Public Water System FAQs
Q: What is a "Public Water System"?
Answer: A public water system is a system for the provision to the public of water for human consumption through pipes or other constructed conveyances, if such system has at least 15 service connections or regularly serves an average of at least 25 individuals daily at least 60 days out of the year. This includes (i) any collection, treatment, storage, and distribution facilities under control of the operator of such system and used primarily in connection with such system, and (ii) any collection or pretreatment storage facilities not under such control which are used primarily in connection with such system.
A community public water system is a public water system that serves at least 15 service connections used by year-round residents or regularly serves at least 25 year-round residents.
A non-community public water system is a public water system that serves at least 15 service connections or 25 persons per day which are not a community water system. (In other words, at least 60 days service per year, but not service to year round residents. State parks, recreation areas, rural restaurants, grocery stores, and industries are examples of non-community water systems.
Q: Are the people that make my water qualified?
Answer: The Arkansas Department of Health - Division of Engineering, through the Operator Certification Program, makes every effort to ensure that the personnel operating the water system in your community are qualified to do so. This certification program requires that the personnel making decisions that impact water quality meet certain requirements, including passing appropriate examinations and obtaining continuing training. For additional information, check the Operator Certification Program page.
Q: Who Tracks Water Quality in Arkansas?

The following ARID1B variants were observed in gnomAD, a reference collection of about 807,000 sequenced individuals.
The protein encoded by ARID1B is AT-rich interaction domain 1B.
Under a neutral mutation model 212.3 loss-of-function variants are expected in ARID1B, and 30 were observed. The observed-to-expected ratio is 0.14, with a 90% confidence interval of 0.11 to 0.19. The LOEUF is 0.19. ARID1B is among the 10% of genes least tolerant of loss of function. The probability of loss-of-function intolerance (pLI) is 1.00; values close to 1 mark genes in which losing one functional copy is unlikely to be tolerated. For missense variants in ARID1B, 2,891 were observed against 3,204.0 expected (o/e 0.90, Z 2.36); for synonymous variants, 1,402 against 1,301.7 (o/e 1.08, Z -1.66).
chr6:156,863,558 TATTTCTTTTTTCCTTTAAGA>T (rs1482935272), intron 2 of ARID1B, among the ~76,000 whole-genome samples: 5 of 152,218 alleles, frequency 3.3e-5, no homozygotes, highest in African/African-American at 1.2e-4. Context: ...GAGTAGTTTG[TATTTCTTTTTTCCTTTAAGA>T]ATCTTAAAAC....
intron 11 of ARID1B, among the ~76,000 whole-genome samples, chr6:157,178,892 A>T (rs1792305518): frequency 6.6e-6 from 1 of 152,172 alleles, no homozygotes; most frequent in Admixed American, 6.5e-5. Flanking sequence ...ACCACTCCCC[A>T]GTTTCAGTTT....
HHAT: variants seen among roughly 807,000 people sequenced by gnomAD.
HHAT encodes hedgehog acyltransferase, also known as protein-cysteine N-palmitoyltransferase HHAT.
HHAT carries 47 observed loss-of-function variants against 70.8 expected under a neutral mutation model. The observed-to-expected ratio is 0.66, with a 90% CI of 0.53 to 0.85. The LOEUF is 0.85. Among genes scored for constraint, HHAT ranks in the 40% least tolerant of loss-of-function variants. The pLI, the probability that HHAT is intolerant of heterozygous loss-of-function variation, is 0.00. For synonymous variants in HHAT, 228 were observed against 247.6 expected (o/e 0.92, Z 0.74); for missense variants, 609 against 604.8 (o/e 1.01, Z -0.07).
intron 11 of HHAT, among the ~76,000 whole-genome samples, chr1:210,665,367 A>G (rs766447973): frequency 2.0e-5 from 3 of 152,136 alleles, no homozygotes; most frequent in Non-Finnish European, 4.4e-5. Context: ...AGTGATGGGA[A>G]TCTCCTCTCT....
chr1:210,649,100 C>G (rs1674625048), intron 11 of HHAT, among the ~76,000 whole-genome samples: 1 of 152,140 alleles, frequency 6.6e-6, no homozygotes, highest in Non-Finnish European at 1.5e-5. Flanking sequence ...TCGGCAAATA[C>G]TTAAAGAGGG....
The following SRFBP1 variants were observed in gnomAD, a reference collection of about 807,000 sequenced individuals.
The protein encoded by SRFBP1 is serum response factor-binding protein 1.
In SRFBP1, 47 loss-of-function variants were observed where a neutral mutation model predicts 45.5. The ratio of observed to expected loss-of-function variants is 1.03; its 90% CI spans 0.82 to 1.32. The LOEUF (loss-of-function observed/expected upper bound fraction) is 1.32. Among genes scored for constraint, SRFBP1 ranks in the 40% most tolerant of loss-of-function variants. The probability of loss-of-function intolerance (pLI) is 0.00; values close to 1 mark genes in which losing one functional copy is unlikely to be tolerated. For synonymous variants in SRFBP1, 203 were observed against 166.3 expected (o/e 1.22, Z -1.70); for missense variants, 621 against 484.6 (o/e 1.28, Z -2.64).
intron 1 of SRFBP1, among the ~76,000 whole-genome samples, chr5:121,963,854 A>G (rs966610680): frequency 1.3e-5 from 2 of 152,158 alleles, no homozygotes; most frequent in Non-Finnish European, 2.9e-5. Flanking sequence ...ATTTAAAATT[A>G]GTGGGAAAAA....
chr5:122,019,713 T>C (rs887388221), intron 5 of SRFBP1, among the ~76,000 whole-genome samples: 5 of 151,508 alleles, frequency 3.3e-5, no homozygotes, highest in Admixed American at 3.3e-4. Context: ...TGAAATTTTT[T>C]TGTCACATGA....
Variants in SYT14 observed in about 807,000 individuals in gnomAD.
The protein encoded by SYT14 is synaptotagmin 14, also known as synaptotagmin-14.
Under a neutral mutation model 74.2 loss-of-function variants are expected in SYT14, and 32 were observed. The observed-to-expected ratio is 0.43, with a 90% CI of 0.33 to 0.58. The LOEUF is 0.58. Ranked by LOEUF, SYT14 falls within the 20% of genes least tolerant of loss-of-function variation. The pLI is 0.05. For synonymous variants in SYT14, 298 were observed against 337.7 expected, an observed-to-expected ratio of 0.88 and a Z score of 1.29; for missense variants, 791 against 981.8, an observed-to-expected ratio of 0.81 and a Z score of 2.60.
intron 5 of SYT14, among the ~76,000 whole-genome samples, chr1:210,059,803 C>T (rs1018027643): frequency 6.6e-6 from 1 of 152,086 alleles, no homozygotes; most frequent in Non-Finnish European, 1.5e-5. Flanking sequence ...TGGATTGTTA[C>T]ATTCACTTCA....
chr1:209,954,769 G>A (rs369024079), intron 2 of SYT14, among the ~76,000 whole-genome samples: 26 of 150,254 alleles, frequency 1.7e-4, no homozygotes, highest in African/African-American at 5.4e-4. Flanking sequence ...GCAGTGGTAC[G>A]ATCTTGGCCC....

Answer: Monitoring the quality of our drinking water is a joint responsibility of the Arkansas Department of Health (ADH) and our state's public water supply systems. Your local water supply system is responsible for taking required water samples, according to a schedule established by ADH. The Division of Public Health Laboratories at the ADH test the water samples for a broad variety of possible contaminants. When it comes to complying with the testing requirements of the Safe Drinking Water Act, Arkansas' water systems have one of the best records in the nation.
Q: What Does the ADH Test for, and How Often?
Answer: The ADH tests each community water system (approximately 805) in the state - on a regular basis - for up to 46 different pesticides, 22 synthetic organic chemicals, 60 volatile organic chemicals, and 35 inorganic chemicals. These systems are also tested for a variety of other contaminants, including bacteria, radioactive elements, lead, and copper. In addition to testing the community water systems, ADH also tests approximately 502 transient non-community water systems for bacteria and nitrates.
The testing may be done anywhere from four times a year to once every three years for organic and inorganic chemicals. The monitoring for bacteria is generally done on a monthly basis. The testing frequencies for different contaminants are different depending upon the type of water source. The surface water systems are generally tested at a higher frequency than the ground water systems.
Q: How are the Water Samples Taken?
Answer: The ADH provides precise guidelines for taking the samples, to ensure that they provide an accurate picture of water quality. The bacteriological samples are taken monthly by the water system operator from the water distribution system. The number of bacteriological samples and their locations are determined by ADH based upon the population served by the water system and the layout of the distribution system. The water samples for pesticides, industrial chemicals, radioactive elements, nitrates, and other inorganic chemicals are collected from "finished" water by ADH personnel.
Q: What Kind of Contaminants or Pollutants can be Found in Public Drinking Water?